Sotheby's advisory business's flat revenues; Christie's uses 1st Dibs for leverage; Bidding up a Raphael drawing at Druout.
This commentary by Marion Maneker is available to AMMpro subscribers. (The first month of AMMpro is free and subscribers are welcome to sign up for the first month and cancel before they are billed.)
Sotheby’s Advisory Strategy Quietly Stalls
Buried in Sotheby’s annual report released in late February and synopsized in Kelly Crow’s story in the Wall Street Journal about Gagosian Gallery establishing an advisory firm are the revenues for Sotheby’s Art Agency Partners advisory division.
- “Sotheby’s is in the art-advisory business, having paid up to $85 million three years ago for Art Agency, Partners, a firm founded in 2014 by a trio of art advisers. But the jury is still out on the long-term effect of its performance. In its latest financial disclosure, Sotheby’s said the firm made $6.1 million last year, up from $5.8 million the year before but down from $6.6 million in 2016.”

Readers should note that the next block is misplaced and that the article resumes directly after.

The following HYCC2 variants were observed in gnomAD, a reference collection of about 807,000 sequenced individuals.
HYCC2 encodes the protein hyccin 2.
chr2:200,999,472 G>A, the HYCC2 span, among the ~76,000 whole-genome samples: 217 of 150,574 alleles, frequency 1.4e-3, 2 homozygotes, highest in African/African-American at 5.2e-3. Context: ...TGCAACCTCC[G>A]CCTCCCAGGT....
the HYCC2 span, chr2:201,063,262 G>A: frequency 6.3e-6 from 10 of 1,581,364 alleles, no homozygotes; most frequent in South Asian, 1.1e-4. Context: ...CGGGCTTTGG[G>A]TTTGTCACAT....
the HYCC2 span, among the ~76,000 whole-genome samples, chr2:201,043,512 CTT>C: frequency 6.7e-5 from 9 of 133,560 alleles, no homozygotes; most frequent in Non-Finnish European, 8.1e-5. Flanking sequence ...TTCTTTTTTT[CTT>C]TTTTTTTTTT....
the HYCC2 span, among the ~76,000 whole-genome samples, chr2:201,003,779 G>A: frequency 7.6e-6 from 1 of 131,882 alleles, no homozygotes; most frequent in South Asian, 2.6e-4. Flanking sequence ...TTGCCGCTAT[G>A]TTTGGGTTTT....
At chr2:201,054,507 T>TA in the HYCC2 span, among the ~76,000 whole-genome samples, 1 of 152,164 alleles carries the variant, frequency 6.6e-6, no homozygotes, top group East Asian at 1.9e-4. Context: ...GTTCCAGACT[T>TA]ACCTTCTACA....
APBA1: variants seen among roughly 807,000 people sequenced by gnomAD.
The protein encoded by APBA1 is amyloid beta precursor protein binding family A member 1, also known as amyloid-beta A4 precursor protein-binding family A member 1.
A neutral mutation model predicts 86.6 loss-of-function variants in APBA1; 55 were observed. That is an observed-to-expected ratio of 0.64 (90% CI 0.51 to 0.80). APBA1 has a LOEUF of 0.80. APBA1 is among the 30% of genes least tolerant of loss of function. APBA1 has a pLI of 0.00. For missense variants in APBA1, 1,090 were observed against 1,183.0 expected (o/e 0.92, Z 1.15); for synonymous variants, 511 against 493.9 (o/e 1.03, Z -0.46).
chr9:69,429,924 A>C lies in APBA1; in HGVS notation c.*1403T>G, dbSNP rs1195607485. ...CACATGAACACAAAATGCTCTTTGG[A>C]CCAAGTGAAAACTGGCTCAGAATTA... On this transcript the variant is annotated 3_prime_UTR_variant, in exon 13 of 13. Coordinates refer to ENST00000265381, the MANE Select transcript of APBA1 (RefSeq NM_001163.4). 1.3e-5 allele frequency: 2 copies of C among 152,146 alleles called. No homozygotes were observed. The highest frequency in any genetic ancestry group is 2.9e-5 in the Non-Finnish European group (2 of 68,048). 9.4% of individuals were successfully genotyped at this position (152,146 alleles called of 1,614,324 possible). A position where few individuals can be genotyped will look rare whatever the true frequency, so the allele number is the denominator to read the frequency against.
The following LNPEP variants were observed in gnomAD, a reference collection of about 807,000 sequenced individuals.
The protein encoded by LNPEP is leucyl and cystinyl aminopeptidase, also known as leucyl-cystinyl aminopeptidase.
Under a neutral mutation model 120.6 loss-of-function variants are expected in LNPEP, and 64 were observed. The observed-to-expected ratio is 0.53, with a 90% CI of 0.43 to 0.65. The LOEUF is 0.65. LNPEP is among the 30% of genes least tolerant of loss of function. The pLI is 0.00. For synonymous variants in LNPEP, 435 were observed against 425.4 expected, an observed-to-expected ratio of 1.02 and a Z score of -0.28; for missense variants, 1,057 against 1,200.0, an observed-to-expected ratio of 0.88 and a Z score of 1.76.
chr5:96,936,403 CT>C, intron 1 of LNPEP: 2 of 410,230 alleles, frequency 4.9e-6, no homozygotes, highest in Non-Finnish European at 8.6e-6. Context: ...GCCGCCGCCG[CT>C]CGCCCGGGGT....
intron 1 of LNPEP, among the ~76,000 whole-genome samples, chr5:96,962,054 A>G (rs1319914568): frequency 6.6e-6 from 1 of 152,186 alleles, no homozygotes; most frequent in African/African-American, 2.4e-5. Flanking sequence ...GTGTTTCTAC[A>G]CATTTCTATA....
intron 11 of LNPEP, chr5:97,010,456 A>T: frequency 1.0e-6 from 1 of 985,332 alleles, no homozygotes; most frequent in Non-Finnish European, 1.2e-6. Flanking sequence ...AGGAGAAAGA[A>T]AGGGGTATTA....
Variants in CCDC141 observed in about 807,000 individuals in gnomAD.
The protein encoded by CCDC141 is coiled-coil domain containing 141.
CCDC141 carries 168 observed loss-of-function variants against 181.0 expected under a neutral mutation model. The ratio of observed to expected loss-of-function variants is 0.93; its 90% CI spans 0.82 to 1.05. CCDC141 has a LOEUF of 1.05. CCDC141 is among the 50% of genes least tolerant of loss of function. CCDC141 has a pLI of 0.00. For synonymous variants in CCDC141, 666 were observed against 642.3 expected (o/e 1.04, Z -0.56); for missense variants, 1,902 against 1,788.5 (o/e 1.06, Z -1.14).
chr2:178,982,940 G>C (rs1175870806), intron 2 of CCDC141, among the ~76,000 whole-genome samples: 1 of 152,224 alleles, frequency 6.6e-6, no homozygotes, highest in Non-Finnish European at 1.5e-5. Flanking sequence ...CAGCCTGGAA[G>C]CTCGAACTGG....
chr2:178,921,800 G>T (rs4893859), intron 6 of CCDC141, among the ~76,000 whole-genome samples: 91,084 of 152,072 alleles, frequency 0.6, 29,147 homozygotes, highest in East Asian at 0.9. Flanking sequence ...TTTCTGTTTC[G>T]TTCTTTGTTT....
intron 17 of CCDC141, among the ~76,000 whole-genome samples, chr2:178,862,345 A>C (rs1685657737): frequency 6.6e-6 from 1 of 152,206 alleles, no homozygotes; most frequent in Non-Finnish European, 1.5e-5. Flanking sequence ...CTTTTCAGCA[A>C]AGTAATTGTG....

The WSJ goes on to include Sotheby’s positioning on the division; namely, AAP was able to drive significant auction and private sales through its client base that made the company real money from the buyer’s premium in addition to the advisory fees outlined above.
Leading with the $85m purchase price, the WSJ seems to want to weigh the immediate financial value of the AAP acquisition. In balance, it is probably a wash. Sotheby’s got more than revenue from AAP and art to sell from AAP’s clients when it bought the firm. It acquired talent that played an important role in the company over the last three years (although one of the AAP principals has now left.)
What these numbers reveal is that AAP has no visible path toward growth. AAP’s flat revenues suggest the strategy to expand Sotheby’s into a new line of business advising collectors, artists’ estates and institutions has made little progress. That’s a shame. The original concept, that Sotheby’s could become more like a financial services company with a trading floor (auctions), advisory services (private bank), credit facility (art loans) and proprietary trading desk (direct and third-party guarantees), seemed like a good one designed to capitalize on art having become an asset for many collectors.
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